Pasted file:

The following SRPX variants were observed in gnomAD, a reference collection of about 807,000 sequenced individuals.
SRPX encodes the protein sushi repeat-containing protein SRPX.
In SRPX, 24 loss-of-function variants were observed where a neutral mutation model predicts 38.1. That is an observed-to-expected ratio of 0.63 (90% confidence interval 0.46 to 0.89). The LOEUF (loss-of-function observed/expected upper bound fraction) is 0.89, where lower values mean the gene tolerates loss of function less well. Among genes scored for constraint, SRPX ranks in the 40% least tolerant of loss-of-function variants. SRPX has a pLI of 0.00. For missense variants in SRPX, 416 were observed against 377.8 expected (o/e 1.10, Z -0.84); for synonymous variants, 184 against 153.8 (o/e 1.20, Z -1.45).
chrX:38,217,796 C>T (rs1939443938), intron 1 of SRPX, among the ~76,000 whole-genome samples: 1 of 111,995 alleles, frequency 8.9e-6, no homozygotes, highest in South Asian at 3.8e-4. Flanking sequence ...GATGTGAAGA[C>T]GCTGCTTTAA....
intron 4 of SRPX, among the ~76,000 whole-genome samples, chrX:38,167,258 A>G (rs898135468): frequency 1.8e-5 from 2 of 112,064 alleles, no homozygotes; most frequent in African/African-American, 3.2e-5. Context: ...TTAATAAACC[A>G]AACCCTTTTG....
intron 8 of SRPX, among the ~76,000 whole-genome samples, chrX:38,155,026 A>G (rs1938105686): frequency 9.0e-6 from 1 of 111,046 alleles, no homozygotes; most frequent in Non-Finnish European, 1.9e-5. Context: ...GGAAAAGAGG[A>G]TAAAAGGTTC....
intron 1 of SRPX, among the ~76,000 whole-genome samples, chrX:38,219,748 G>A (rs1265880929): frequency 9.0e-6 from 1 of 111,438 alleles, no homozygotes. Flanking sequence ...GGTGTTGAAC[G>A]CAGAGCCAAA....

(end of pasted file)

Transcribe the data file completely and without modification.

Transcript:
The following SRPX variants were observed in gnomAD, a reference collection of about 807,000 sequenced individuals.
SRPX encodes the protein sushi repeat-containing protein SRPX.
In SRPX, 24 loss-of-function variants were observed where a neutral mutation model predicts 38.1. That is an observed-to-expected ratio of 0.63 (90% confidence interval 0.46 to 0.89). The LOEUF (loss-of-function observed/expected upper bound fraction) is 0.89, where lower values mean the gene tolerates loss of function less well. Among genes scored for constraint, SRPX ranks in the 40% least tolerant of loss-of-function variants. SRPX has a pLI of 0.00. For missense variants in SRPX, 416 were observed against 377.8 expected (o/e 1.10, Z -0.84); for synonymous variants, 184 against 153.8 (o/e 1.20, Z -1.45).
chrX:38,217,796 C>T (rs1939443938), intron 1 of SRPX, among the ~76,000 whole-genome samples: 1 of 111,995 alleles, frequency 8.9e-6, no homozygotes, highest in South Asian at 3.8e-4. Flanking sequence ...GATGTGAAGA[C>T]GCTGCTTTAA....
intron 4 of SRPX, among the ~76,000 whole-genome samples, chrX:38,167,258 A>G (rs898135468): frequency 1.8e-5 from 2 of 112,064 alleles, no homozygotes; most frequent in African/African-American, 3.2e-5. Context: ...TTAATAAACC[A>G]AACCCTTTTG....
intron 8 of SRPX, among the ~76,000 whole-genome samples, chrX:38,155,026 A>G (rs1938105686): frequency 9.0e-6 from 1 of 111,046 alleles, no homozygotes; most frequent in Non-Finnish European, 1.9e-5. Context: ...GGAAAAGAGG[A>G]TAAAAGGTTC....
intron 1 of SRPX, among the ~76,000 whole-genome samples, chrX:38,219,748 G>A (rs1265880929): frequency 9.0e-6 from 1 of 111,438 alleles, no homozygotes. Flanking sequence ...GGTGTTGAAC[G>A]CAGAGCCAAA....